“Gunny, this guy has police experience,” the sergeant said to a technical sergeant or gunnery sergeant, as they were called. Without looking up or in any way indicating he saw me, he responded, “Get him bedded down and brief him.” I followed the sergeant to a hut with six double bunks and a stark row of  wall lockers along the rear of the room. Heads and showers were next door. I was assigned an empty bunk; I made it up, placed my sea-bag contents into a wall locker, and met our “houseboy,” a young Japanese male, and reported to the sergeant for briefing.  I was now a military policeman with Marine Air Base Squadron – 11, Marine Air Group – 11, First Marine Air Wing, Atsugi, Naval Air Station, Japan, and I was about to find out that “police” isn’t always a literal translation for litter control.

In the days ahead, I walked guard duty around ammunition bunkers, stood duty at the East Camp gate, walked the perimeter fence, stood guard for payroll officers and hauled prisoners to and from the brig. Once or twice, I got to go on town patrol in the town of Yamato, outside the gate. Several times, I was assigned as supernumerary of the watch. I liked that assignment because the supernumerary was a relief for any post, for many reasons, such as sickness, or whatever. That allowed me to learn the duties of almost all the posted assignments. Like I said, I was bucking for corporal. And being a military policeman wasn’t bad. Only when acting as a “chaser” was I nervous or edgy—well, maybe downright scared. Word was, if one got away from you, then you would be required to serve his sentence. Who were they usually?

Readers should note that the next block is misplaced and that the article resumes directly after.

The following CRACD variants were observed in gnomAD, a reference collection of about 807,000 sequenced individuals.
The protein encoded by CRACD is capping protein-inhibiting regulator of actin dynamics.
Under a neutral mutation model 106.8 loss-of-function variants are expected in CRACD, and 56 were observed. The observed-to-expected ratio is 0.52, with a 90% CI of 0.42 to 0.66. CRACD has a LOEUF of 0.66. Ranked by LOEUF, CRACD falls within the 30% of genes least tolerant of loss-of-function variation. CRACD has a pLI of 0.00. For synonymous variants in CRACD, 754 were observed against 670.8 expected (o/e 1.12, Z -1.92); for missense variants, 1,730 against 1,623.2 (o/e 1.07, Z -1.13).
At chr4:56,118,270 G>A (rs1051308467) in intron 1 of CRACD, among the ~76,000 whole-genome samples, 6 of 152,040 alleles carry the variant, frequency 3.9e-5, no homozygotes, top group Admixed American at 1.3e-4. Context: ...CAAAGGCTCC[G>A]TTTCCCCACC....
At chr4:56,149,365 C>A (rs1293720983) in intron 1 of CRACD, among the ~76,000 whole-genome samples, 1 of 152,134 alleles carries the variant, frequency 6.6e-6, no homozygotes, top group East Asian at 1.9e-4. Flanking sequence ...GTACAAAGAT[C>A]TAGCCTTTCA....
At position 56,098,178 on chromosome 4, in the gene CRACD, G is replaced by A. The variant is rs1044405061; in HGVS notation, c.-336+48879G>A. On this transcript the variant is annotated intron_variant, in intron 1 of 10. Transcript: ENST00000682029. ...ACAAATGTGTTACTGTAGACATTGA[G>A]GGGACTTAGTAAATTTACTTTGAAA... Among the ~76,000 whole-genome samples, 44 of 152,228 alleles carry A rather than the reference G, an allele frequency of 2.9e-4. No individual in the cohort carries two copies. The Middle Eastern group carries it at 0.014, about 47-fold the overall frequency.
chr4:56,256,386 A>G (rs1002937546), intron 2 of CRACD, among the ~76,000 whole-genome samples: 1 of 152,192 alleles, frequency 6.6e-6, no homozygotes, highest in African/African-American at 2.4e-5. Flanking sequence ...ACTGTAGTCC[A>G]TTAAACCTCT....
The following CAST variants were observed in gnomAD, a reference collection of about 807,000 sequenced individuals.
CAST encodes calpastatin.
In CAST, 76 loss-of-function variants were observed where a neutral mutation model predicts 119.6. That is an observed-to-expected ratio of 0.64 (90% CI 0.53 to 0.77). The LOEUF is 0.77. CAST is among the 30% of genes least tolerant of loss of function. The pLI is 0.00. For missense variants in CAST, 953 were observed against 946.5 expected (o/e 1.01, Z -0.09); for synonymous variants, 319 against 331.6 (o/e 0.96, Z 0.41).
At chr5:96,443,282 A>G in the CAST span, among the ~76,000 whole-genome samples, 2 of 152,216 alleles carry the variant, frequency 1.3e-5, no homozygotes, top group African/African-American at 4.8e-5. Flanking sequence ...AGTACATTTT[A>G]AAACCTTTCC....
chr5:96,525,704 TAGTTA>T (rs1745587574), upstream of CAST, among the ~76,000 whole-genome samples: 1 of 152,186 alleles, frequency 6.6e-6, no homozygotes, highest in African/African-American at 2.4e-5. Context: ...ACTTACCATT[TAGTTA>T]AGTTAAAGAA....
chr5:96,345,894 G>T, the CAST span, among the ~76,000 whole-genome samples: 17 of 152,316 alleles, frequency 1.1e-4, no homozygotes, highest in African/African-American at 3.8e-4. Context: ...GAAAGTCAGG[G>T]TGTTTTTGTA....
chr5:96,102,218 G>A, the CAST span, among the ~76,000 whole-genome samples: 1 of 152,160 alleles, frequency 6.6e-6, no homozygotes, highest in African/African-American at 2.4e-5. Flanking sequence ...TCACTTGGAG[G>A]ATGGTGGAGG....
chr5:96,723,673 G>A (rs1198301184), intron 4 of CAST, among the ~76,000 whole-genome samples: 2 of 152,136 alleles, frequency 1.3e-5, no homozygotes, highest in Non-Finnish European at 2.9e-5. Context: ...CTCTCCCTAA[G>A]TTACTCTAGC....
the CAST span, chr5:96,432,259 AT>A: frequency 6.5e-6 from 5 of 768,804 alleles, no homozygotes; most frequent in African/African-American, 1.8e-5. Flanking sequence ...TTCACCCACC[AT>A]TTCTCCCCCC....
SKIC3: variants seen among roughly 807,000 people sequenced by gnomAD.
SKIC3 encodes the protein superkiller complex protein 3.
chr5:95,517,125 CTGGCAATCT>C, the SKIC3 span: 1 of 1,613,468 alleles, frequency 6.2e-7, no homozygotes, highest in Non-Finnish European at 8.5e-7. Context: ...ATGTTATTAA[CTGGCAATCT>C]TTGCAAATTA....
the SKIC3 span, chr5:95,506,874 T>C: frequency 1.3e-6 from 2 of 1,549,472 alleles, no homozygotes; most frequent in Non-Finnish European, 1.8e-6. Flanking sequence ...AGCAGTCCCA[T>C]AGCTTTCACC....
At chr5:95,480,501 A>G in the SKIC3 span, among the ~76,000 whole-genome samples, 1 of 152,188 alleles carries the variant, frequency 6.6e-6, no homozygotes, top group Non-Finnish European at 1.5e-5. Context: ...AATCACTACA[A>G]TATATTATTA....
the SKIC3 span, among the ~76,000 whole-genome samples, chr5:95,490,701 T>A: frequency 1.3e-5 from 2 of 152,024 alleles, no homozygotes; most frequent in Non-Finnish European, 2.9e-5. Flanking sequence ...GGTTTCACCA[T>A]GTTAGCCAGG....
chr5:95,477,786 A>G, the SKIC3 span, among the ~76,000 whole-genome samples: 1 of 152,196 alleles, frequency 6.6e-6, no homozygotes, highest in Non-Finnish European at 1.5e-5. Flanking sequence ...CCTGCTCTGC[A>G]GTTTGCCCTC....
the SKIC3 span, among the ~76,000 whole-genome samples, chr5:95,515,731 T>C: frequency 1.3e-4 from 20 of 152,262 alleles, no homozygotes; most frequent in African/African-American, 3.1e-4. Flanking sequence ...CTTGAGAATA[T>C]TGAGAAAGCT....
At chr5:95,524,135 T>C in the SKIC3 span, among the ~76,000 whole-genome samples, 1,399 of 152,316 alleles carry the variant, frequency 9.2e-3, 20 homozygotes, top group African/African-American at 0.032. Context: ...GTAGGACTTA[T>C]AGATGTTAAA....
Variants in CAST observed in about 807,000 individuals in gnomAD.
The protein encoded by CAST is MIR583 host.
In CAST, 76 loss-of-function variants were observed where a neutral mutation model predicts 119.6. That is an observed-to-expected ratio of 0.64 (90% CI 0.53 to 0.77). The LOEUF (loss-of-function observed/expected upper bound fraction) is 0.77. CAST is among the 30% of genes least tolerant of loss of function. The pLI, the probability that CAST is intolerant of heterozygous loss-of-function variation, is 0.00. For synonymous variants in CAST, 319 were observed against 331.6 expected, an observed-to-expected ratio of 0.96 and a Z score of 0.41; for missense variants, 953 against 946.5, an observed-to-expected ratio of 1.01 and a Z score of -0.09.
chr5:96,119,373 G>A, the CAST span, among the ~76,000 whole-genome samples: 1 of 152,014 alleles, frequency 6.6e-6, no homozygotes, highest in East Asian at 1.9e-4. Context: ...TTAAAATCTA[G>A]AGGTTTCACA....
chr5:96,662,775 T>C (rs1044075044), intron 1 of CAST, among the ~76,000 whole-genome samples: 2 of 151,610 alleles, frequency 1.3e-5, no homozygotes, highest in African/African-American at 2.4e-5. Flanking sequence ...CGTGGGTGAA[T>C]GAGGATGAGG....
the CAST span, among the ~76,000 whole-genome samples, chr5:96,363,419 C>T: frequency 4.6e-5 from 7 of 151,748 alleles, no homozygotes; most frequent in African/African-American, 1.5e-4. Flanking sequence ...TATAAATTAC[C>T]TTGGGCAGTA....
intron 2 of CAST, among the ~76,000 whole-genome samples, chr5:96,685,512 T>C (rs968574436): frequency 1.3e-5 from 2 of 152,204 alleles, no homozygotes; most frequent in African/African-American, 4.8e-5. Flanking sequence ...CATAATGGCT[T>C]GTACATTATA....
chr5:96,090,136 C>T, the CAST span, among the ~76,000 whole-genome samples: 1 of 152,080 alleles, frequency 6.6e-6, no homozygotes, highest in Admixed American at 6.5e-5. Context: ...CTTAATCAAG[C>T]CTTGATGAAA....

It was fairly early in the day. Morning as a matter-of-fact. I was the supernumerary of the watch, sitting on a bench in front of the sergeant of the guard’s desk.  “Sergeant! Git in here,” the gunny bellowed. The sergeant entered his office. I could hear muffled voices and the sergeant reappeared. “Bates, grab a weapon and load it.” He picked up a telephone and said, “Give me a man over here. Now!” As I was loading a magazine into my 45 at the loading barrel, another Marine appeared. I think his name was Triplett or something like that.  He drew a weapon and magazines, and, like me, loaded at the loading barrel. “Okay, you two, get over to MACS-1 barracks and check in with the duty NCO. There’s a Marine in the barracks with a pistol. Watch yourselves. Get him and the weapon. Bring both to me. Go!” With loaded weapons, we ran toward the barracks. A sergeant met us at the entry door. “He’s sitting on his bunk. I think he put the pistol in his locker,” he said. He looked a bit anxious. We drew our weapons, chambered a round, and each of us placed it on safe. The sergeant followed us into the barracks.